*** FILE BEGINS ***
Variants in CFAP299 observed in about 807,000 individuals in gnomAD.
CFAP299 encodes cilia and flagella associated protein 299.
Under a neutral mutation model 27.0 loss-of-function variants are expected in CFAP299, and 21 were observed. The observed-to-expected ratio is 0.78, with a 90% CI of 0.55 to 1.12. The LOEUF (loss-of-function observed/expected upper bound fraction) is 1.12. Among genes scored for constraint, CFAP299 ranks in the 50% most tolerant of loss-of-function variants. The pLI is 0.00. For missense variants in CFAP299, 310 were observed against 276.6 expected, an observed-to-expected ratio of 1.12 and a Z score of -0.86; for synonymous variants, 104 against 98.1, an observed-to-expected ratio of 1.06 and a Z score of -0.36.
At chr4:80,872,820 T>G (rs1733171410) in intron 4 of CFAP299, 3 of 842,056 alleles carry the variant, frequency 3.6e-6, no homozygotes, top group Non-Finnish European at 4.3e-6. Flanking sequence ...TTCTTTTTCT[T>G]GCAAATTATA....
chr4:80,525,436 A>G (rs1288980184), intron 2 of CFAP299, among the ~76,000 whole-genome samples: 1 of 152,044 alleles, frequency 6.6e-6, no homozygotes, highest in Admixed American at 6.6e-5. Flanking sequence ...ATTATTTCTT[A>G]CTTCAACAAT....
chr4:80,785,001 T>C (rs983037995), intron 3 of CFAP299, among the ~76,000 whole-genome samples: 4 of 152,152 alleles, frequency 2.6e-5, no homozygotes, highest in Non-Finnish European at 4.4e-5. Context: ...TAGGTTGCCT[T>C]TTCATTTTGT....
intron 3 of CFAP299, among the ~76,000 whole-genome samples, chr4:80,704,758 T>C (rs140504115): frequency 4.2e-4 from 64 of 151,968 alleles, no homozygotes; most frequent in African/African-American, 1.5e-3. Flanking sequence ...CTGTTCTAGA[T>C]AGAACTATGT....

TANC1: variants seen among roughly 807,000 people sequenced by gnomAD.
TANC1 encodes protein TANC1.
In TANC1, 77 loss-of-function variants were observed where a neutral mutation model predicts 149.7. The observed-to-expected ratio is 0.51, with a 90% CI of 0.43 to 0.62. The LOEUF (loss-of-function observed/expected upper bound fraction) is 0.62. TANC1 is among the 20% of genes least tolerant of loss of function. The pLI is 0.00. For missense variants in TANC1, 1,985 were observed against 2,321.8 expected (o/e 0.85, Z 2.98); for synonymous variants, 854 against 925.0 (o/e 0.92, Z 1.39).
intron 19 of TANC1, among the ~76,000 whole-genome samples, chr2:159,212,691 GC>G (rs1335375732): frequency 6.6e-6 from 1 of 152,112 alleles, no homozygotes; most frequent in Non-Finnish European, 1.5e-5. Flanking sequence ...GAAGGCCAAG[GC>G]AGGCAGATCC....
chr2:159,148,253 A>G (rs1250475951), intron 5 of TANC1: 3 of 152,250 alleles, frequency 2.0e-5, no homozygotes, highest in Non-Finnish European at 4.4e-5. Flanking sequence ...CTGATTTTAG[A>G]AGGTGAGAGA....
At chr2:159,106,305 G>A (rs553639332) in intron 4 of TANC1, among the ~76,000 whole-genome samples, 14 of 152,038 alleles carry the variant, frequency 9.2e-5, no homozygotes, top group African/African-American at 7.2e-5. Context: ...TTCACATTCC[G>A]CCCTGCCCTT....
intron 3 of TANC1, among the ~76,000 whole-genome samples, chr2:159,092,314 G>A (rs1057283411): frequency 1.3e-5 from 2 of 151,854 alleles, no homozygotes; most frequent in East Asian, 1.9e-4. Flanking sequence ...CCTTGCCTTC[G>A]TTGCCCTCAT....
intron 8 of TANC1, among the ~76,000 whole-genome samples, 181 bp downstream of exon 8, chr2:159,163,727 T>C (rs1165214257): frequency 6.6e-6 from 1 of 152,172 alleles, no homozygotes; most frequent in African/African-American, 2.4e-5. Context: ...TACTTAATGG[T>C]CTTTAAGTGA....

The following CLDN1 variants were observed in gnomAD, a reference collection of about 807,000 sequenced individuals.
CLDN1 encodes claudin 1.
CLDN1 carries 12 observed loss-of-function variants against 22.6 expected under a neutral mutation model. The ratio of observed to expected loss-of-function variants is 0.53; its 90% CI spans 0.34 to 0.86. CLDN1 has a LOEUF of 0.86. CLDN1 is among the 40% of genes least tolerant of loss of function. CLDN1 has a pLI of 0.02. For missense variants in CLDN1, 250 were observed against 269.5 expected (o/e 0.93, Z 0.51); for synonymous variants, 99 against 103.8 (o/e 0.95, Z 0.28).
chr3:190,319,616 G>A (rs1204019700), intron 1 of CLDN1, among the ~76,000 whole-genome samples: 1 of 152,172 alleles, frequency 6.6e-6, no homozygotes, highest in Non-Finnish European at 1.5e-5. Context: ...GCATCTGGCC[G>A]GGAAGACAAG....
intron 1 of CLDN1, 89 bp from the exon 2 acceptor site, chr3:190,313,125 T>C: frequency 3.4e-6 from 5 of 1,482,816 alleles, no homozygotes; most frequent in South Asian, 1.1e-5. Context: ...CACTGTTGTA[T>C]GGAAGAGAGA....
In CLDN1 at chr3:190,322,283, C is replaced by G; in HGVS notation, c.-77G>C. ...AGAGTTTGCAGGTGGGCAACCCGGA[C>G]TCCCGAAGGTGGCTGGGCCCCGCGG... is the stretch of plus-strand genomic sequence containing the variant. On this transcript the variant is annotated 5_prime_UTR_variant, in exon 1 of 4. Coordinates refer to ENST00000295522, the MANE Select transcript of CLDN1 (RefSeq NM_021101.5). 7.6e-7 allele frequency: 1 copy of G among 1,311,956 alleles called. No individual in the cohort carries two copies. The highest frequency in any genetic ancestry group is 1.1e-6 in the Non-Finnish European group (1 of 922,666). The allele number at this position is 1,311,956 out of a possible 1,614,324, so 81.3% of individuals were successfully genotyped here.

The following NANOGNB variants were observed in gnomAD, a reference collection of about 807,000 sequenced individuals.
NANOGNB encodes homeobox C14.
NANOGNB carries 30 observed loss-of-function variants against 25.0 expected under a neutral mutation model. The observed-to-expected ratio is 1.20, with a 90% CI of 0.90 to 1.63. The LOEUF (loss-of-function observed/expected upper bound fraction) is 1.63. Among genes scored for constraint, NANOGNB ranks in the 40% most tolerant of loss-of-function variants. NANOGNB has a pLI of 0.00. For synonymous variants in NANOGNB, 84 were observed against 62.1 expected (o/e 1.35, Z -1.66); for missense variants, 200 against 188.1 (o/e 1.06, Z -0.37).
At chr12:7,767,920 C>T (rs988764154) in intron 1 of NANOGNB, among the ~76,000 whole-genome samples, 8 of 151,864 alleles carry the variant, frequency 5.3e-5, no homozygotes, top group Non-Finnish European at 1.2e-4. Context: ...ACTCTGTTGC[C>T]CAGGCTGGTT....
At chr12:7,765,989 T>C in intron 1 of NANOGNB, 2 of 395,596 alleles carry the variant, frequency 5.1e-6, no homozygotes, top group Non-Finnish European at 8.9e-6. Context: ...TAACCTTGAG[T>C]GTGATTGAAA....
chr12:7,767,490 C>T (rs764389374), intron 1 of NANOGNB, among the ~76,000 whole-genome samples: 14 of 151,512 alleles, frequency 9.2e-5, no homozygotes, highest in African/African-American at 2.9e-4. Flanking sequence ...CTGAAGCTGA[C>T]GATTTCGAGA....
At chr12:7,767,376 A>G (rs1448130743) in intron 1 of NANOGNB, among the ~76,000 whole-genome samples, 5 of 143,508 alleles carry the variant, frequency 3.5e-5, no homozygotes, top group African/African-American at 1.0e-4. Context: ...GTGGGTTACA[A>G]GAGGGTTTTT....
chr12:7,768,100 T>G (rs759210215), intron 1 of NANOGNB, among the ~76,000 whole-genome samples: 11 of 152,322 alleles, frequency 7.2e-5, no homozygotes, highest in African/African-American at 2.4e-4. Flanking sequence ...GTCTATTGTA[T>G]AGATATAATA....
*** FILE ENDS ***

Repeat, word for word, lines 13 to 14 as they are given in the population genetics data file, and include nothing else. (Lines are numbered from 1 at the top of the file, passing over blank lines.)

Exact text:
At chr2:159,106,305 G>A (rs553639332) in intron 4 of TANC1, among the ~76,000 whole-genome samples, 14 of 152,038 alleles carry the variant, frequency 9.2e-5, no homozygotes, top group African/African-American at 7.2e-5. Context: ...TTCACATTCC[G>A]CCCTGCCCTT....
intron 3 of TANC1, among the ~76,000 whole-genome samples, chr2:159,092,314 G>A (rs1057283411): frequency 1.3e-5 from 2 of 151,854 alleles, no homozygotes; most frequent in East Asian, 1.9e-4. Flanking sequence ...CCTTGCCTTC[G>A]TTGCCCTCAT....